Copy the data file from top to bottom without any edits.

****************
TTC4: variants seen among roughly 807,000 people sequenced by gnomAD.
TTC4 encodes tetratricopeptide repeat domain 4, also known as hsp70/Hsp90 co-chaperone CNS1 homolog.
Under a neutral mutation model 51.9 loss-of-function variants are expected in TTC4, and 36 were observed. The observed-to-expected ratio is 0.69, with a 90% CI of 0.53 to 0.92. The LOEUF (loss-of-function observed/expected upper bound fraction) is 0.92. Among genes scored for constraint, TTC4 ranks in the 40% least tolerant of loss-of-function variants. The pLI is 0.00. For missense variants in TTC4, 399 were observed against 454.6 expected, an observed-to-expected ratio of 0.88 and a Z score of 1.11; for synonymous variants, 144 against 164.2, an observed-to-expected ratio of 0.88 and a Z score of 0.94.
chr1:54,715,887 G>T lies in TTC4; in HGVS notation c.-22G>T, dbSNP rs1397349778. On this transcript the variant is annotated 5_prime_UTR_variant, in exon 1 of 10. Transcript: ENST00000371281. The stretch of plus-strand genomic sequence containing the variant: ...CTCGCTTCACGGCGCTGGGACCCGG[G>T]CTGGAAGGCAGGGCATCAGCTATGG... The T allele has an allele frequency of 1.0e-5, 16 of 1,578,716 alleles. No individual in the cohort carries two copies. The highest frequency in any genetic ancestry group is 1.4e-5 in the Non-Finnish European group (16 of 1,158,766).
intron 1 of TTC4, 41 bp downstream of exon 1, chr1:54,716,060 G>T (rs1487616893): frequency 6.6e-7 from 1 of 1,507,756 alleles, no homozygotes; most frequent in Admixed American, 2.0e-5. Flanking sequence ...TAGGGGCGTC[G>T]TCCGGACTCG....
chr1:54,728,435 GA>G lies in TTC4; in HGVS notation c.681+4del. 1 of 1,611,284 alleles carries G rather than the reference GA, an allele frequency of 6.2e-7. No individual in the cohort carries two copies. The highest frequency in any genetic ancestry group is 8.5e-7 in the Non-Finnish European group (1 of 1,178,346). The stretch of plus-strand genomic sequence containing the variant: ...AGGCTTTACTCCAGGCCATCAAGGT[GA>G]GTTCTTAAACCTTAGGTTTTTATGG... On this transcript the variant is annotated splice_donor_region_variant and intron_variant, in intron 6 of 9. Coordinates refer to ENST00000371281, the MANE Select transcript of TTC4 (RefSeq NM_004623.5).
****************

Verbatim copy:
TTC4: variants seen among roughly 807,000 people sequenced by gnomAD.
TTC4 encodes tetratricopeptide repeat domain 4, also known as hsp70/Hsp90 co-chaperone CNS1 homolog.
Under a neutral mutation model 51.9 loss-of-function variants are expected in TTC4, and 36 were observed. The observed-to-expected ratio is 0.69, with a 90% CI of 0.53 to 0.92. The LOEUF (loss-of-function observed/expected upper bound fraction) is 0.92. Among genes scored for constraint, TTC4 ranks in the 40% least tolerant of loss-of-function variants. The pLI is 0.00. For missense variants in TTC4, 399 were observed against 454.6 expected, an observed-to-expected ratio of 0.88 and a Z score of 1.11; for synonymous variants, 144 against 164.2, an observed-to-expected ratio of 0.88 and a Z score of 0.94.
chr1:54,715,887 G>T lies in TTC4; in HGVS notation c.-22G>T, dbSNP rs1397349778. On this transcript the variant is annotated 5_prime_UTR_variant, in exon 1 of 10. Transcript: ENST00000371281. The stretch of plus-strand genomic sequence containing the variant: ...CTCGCTTCACGGCGCTGGGACCCGG[G>T]CTGGAAGGCAGGGCATCAGCTATGG... The T allele has an allele frequency of 1.0e-5, 16 of 1,578,716 alleles. No individual in the cohort carries two copies. The highest frequency in any genetic ancestry group is 1.4e-5 in the Non-Finnish European group (16 of 1,158,766).
intron 1 of TTC4, 41 bp downstream of exon 1, chr1:54,716,060 G>T (rs1487616893): frequency 6.6e-7 from 1 of 1,507,756 alleles, no homozygotes; most frequent in Admixed American, 2.0e-5. Flanking sequence ...TAGGGGCGTC[G>T]TCCGGACTCG....
chr1:54,728,435 GA>G lies in TTC4; in HGVS notation c.681+4del. 1 of 1,611,284 alleles carries G rather than the reference GA, an allele frequency of 6.2e-7. No individual in the cohort carries two copies. The highest frequency in any genetic ancestry group is 8.5e-7 in the Non-Finnish European group (1 of 1,178,346). The stretch of plus-strand genomic sequence containing the variant: ...AGGCTTTACTCCAGGCCATCAAGGT[GA>G]GTTCTTAAACCTTAGGTTTTTATGG... On this transcript the variant is annotated splice_donor_region_variant and intron_variant, in intron 6 of 9. Coordinates refer to ENST00000371281, the MANE Select transcript of TTC4 (RefSeq NM_004623.5).